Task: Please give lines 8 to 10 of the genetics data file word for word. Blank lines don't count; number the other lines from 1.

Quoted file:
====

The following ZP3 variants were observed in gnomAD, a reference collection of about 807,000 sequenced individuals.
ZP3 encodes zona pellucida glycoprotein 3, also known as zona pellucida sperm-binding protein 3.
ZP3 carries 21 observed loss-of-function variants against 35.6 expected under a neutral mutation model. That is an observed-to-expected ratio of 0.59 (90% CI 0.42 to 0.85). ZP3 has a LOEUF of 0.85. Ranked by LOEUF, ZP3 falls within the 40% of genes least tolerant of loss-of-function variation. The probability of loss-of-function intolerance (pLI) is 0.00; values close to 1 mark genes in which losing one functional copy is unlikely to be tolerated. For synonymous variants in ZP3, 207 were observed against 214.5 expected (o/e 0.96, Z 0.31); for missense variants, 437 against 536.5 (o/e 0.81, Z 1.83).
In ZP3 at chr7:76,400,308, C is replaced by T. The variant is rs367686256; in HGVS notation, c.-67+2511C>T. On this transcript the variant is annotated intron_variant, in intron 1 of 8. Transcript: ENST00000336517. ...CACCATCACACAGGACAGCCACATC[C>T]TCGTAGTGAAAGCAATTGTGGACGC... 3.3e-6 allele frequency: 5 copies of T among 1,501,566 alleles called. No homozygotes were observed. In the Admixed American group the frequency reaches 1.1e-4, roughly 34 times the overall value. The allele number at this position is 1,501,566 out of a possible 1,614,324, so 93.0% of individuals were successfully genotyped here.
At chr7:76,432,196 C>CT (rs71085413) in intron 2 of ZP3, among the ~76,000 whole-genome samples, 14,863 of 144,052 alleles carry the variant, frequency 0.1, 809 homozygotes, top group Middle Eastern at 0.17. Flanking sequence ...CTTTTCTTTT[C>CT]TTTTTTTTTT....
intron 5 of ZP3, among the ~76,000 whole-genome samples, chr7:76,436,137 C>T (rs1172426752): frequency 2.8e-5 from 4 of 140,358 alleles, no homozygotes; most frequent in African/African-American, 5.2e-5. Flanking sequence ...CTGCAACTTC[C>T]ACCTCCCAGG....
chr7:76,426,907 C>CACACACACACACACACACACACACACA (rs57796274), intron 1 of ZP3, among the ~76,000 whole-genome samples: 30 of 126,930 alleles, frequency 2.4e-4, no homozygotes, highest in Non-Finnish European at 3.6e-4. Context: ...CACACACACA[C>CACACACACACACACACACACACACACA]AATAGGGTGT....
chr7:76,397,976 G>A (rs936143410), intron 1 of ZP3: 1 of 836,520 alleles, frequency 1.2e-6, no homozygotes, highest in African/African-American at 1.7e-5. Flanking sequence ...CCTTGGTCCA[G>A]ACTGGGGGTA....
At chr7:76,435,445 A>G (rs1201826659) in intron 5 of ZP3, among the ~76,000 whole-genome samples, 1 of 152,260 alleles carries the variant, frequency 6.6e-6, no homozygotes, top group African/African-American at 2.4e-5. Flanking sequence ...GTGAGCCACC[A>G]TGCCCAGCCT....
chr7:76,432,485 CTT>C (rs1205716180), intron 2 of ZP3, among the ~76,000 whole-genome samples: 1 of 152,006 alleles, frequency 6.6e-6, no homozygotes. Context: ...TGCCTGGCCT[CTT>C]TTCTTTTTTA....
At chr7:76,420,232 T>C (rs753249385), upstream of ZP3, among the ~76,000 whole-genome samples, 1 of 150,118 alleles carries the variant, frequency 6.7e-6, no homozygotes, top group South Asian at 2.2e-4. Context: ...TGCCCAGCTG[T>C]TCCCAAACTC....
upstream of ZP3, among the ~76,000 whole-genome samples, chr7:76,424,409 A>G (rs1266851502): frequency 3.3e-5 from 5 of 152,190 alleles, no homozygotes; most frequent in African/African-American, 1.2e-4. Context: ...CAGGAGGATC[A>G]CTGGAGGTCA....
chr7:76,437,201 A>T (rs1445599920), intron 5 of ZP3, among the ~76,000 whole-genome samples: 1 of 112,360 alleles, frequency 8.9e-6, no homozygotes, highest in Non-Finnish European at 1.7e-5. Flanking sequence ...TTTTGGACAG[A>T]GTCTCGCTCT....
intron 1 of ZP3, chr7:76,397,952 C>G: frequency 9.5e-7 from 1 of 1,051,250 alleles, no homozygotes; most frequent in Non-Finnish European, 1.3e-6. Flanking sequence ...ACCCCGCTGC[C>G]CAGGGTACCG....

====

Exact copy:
chr7:76,397,976 G>A (rs936143410), intron 1 of ZP3: 1 of 836,520 alleles, frequency 1.2e-6, no homozygotes, highest in African/African-American at 1.7e-5. Flanking sequence ...CCTTGGTCCA[G>A]ACTGGGGGTA....
At chr7:76,435,445 A>G (rs1201826659) in intron 5 of ZP3, among the ~76,000 whole-genome samples, 1 of 152,260 alleles carries the variant, frequency 6.6e-6, no homozygotes, top group African/African-American at 2.4e-5. Flanking sequence ...GTGAGCCACC[A>G]TGCCCAGCCT....
chr7:76,432,485 CTT>C (rs1205716180), intron 2 of ZP3, among the ~76,000 whole-genome samples: 1 of 152,006 alleles, frequency 6.6e-6, no homozygotes. Context: ...TGCCTGGCCT[CTT>C]TTCTTTTTTA....